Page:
The films in this collection have been given satisfying transfers and some eye-opening supplements.
Un Ange Passe works on a model of long, uninterrupted takes on the faces of its characters, subdued and wistful.
Most problematic is the way in which the Vietnamese are romanticized, as if they had not fought for their livelihoods and land, visceral and specific, but for ideals alone.
If there’s one thing that’s genuinely surprising about Philippe Garrel’s new film it’s the lack of feverish urgency that its title promises.
A modest package for a less than explosive French New Wave curio.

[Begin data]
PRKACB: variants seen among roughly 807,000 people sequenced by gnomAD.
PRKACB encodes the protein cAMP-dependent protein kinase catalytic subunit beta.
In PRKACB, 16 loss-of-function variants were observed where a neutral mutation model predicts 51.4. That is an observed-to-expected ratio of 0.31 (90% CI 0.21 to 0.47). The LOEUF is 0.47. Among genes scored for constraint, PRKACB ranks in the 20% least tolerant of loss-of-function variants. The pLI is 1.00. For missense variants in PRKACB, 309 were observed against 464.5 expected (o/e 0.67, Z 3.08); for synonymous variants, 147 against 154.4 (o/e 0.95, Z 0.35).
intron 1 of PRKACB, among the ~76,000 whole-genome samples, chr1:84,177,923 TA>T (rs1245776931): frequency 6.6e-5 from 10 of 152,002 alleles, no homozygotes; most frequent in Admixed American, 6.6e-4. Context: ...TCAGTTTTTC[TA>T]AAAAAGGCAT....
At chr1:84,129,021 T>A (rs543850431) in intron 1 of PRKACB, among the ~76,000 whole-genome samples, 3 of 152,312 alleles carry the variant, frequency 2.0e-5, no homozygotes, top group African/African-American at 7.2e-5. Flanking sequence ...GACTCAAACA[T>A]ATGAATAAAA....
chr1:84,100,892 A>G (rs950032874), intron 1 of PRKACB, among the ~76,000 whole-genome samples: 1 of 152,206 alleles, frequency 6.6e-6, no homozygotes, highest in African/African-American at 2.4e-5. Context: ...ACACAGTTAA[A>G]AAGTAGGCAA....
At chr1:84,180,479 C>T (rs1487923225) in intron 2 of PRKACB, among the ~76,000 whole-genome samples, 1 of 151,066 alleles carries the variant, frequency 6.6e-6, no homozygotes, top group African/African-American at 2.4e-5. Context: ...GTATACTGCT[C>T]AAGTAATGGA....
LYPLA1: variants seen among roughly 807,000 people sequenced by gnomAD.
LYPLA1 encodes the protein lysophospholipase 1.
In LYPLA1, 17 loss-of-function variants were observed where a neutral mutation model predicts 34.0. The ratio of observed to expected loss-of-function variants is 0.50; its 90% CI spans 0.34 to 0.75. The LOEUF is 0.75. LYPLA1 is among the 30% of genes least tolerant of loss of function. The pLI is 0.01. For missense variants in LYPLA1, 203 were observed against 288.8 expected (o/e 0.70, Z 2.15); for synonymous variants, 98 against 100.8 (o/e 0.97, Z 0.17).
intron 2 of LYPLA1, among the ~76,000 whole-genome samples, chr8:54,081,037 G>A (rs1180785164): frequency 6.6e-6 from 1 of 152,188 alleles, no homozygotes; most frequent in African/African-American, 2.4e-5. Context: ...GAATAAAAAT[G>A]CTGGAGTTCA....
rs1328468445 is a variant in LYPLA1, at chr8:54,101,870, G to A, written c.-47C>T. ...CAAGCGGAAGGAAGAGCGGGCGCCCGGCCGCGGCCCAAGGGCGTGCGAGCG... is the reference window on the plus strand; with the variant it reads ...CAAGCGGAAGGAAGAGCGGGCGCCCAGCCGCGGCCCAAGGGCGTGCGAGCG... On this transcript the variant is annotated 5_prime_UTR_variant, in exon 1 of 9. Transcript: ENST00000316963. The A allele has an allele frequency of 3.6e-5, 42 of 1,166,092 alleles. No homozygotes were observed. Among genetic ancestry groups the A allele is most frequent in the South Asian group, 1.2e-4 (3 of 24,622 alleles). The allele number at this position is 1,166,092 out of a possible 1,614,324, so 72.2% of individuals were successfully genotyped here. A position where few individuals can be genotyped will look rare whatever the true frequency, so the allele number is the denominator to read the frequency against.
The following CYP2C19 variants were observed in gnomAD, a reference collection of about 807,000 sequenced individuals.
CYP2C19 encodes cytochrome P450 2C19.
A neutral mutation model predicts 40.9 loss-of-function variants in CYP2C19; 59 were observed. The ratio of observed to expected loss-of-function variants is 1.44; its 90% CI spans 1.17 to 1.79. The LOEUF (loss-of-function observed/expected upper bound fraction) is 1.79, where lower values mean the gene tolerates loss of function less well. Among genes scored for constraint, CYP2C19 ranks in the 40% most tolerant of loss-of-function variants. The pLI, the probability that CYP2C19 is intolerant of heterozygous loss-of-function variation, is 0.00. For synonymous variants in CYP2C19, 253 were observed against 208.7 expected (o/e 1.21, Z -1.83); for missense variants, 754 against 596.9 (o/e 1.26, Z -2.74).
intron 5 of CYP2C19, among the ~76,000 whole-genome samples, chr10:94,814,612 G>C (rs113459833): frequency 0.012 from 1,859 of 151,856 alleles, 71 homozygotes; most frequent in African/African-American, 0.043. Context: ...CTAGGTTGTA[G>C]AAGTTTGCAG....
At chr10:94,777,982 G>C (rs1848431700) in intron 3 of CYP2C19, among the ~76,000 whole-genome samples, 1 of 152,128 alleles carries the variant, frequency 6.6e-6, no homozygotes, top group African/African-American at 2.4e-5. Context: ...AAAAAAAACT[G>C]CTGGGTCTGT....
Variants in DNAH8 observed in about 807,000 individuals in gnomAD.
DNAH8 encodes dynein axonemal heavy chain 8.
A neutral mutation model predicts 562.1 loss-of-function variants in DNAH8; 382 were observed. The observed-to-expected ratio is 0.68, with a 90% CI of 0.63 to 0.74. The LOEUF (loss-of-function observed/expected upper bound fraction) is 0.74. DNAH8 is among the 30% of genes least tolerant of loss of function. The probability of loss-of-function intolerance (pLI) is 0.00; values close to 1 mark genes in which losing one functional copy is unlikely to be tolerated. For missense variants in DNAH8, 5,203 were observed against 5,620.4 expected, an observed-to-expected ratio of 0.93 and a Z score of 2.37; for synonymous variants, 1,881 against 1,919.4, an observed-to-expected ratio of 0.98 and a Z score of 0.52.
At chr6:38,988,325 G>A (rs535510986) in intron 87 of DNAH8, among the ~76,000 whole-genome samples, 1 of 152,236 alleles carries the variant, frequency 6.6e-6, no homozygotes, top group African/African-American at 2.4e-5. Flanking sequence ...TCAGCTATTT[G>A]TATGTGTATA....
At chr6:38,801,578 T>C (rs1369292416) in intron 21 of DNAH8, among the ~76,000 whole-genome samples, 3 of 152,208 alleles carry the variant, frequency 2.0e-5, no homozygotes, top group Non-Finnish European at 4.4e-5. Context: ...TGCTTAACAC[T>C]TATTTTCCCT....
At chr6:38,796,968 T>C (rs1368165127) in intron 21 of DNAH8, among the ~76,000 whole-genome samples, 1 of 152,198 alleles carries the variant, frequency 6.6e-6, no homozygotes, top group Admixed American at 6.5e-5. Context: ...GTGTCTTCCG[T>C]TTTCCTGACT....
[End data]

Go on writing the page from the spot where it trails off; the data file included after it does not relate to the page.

Though lighter on her feet than Jacques Rivette, Valeria Bruni-Tedeschi does not recognize the abstract in the real.
Three hours plus is a high price to find out that not every European TV miniseries can reach the heights of The Best of Youth.
Jean-Daniel Verhaeghe’s film remains ponderously stuck in lesser Merchant-Ivory territory.
Kings and Queen is at once Arnaud Desplechin’s most straightforward and scattershot creation.